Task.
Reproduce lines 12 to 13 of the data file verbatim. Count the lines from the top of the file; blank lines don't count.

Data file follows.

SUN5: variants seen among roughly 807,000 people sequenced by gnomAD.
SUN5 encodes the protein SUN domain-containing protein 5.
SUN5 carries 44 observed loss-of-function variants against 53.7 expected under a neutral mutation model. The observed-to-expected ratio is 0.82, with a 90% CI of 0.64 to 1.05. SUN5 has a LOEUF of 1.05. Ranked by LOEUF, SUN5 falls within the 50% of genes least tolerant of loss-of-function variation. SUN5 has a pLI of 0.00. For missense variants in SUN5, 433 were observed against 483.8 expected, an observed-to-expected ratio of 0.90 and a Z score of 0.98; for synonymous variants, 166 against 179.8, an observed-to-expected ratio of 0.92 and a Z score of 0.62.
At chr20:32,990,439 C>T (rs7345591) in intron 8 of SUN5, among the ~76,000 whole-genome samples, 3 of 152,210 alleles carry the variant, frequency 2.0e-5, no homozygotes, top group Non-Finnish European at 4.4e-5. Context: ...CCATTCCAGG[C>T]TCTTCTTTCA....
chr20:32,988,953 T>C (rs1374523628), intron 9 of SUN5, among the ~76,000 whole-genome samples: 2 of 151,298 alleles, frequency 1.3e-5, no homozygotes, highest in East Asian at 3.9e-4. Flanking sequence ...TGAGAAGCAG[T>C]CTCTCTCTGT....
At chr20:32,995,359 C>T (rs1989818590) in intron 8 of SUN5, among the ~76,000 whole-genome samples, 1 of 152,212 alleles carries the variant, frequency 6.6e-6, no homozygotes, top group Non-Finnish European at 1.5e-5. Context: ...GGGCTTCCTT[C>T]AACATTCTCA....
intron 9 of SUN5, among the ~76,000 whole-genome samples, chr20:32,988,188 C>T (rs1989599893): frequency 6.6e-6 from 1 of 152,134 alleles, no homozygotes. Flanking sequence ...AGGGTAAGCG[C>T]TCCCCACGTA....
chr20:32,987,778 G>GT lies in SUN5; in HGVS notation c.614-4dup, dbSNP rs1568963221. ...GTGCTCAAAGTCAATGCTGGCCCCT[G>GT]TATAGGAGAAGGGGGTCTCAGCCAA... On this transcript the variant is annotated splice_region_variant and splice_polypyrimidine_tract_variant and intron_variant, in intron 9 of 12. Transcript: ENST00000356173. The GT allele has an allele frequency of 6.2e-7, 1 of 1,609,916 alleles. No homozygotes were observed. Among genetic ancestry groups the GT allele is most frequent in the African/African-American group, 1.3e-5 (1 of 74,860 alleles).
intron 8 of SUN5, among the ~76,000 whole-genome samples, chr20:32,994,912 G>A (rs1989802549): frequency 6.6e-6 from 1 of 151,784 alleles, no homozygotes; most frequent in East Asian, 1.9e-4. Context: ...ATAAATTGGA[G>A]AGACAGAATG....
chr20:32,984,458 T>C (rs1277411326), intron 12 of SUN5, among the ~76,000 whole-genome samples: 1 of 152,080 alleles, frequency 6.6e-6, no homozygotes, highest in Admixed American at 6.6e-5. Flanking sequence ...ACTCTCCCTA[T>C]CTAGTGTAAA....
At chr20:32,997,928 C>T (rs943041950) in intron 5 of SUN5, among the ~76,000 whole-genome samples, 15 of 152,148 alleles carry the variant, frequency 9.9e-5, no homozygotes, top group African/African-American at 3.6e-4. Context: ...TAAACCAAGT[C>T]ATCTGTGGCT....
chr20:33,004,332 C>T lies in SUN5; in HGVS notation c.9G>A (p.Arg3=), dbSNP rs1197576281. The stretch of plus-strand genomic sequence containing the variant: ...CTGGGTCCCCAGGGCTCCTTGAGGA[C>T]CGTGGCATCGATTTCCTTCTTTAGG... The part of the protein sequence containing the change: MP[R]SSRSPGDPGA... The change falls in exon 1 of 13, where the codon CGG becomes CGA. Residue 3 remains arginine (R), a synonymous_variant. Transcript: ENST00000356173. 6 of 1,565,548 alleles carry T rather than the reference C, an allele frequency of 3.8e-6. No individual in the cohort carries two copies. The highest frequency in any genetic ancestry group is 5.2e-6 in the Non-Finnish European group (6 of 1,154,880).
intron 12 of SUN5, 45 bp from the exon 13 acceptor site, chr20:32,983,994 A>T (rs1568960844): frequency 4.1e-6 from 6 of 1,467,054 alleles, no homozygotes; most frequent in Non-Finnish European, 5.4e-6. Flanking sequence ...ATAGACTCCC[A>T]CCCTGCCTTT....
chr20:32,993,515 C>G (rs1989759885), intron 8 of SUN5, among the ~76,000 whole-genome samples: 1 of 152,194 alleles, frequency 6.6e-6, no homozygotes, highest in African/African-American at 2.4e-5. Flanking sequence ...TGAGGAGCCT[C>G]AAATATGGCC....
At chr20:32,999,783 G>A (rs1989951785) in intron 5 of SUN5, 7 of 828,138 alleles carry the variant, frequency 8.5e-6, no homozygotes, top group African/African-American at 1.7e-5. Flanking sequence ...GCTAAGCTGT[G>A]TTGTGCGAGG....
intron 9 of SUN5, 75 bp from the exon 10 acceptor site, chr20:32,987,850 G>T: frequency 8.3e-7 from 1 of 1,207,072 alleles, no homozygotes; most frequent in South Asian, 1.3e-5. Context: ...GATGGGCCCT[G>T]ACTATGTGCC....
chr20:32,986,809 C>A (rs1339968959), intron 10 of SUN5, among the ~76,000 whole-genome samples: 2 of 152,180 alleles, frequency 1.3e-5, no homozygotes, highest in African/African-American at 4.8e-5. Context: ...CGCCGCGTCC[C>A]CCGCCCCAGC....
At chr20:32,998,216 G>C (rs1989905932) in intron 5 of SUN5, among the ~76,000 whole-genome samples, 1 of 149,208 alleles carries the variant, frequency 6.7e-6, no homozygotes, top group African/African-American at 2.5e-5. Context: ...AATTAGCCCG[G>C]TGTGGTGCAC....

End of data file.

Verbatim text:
chr20:33,004,332 C>T lies in SUN5; in HGVS notation c.9G>A (p.Arg3=), dbSNP rs1197576281. The stretch of plus-strand genomic sequence containing the variant: ...CTGGGTCCCCAGGGCTCCTTGAGGA[C>T]CGTGGCATCGATTTCCTTCTTTAGG... The part of the protein sequence containing the change: MP[R]SSRSPGDPGA... The change falls in exon 1 of 13, where the codon CGG becomes CGA. Residue 3 remains arginine (R), a synonymous_variant. Transcript: ENST00000356173. 6 of 1,565,548 alleles carry T rather than the reference C, an allele frequency of 3.8e-6. No individual in the cohort carries two copies. The highest frequency in any genetic ancestry group is 5.2e-6 in the Non-Finnish European group (6 of 1,154,880).
intron 12 of SUN5, 45 bp from the exon 13 acceptor site, chr20:32,983,994 A>T (rs1568960844): frequency 4.1e-6 from 6 of 1,467,054 alleles, no homozygotes; most frequent in Non-Finnish European, 5.4e-6. Flanking sequence ...ATAGACTCCC[A>T]CCCTGCCTTT....